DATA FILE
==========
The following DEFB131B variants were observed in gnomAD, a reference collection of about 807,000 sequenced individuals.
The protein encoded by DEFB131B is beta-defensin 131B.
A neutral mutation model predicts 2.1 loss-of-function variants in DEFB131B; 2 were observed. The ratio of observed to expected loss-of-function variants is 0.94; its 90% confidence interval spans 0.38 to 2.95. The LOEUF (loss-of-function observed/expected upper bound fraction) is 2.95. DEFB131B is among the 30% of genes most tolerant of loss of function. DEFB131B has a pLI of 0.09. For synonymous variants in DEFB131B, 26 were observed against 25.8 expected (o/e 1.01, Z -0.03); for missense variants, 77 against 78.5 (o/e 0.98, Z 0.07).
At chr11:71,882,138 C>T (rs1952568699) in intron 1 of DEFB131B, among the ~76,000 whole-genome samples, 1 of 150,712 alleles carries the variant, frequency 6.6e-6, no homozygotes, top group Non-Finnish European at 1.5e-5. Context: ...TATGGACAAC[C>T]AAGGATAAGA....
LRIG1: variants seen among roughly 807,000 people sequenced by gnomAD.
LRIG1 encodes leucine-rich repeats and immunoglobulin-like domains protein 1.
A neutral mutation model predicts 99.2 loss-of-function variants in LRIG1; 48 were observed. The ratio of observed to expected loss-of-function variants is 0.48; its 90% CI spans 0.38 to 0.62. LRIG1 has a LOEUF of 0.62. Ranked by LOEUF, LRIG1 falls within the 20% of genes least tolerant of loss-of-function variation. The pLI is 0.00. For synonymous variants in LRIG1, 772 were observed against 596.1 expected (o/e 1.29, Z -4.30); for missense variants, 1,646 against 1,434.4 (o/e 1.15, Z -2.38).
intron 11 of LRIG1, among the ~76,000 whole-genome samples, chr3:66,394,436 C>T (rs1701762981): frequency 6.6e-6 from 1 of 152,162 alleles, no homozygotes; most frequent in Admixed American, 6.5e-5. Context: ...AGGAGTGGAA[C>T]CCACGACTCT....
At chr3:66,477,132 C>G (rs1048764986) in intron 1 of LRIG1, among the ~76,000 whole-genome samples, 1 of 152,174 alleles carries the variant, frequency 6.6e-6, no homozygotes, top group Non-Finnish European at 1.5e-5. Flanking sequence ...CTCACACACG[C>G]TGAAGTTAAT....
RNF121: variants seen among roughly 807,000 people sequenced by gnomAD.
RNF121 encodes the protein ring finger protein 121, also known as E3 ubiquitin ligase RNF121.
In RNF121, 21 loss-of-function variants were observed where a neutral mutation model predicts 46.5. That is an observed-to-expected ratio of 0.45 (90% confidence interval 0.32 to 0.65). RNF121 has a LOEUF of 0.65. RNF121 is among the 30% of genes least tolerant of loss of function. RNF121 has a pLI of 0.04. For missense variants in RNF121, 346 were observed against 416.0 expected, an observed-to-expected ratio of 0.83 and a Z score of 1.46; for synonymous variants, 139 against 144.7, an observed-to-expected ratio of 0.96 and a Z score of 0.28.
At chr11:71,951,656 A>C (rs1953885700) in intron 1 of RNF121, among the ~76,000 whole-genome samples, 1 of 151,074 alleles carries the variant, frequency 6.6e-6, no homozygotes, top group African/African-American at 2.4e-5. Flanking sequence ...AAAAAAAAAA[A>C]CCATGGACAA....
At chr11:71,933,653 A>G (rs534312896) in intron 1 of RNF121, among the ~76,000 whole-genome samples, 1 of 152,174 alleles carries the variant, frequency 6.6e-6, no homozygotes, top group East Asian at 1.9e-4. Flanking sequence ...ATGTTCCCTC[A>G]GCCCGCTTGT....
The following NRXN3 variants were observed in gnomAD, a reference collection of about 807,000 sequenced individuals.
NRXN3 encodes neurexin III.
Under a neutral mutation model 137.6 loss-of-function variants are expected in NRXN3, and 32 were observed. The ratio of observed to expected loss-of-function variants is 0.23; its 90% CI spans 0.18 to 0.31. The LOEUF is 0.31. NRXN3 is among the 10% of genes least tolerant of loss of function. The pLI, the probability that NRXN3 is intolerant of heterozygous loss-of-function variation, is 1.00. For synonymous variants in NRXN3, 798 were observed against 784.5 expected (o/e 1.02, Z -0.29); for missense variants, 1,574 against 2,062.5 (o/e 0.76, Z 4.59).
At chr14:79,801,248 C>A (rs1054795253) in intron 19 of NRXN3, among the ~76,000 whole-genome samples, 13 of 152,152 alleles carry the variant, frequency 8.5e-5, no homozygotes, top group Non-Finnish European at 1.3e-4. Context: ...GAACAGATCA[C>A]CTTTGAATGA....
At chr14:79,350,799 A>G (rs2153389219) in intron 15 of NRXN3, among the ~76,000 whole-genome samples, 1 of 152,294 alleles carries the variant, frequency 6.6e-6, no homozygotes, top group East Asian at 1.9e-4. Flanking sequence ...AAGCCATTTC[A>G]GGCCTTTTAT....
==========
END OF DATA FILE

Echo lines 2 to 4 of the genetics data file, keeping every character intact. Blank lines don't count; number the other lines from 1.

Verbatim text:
The protein encoded by DEFB131B is beta-defensin 131B.
A neutral mutation model predicts 2.1 loss-of-function variants in DEFB131B; 2 were observed. The ratio of observed to expected loss-of-function variants is 0.94; its 90% confidence interval spans 0.38 to 2.95. The LOEUF (loss-of-function observed/expected upper bound fraction) is 2.95. DEFB131B is among the 30% of genes most tolerant of loss of function. DEFB131B has a pLI of 0.09. For synonymous variants in DEFB131B, 26 were observed against 25.8 expected (o/e 1.01, Z -0.03); for missense variants, 77 against 78.5 (o/e 0.98, Z 0.07).
At chr11:71,882,138 C>T (rs1952568699) in intron 1 of DEFB131B, among the ~76,000 whole-genome samples, 1 of 150,712 alleles carries the variant, frequency 6.6e-6, no homozygotes, top group Non-Finnish European at 1.5e-5. Context: ...TATGGACAAC[C>T]AAGGATAAGA....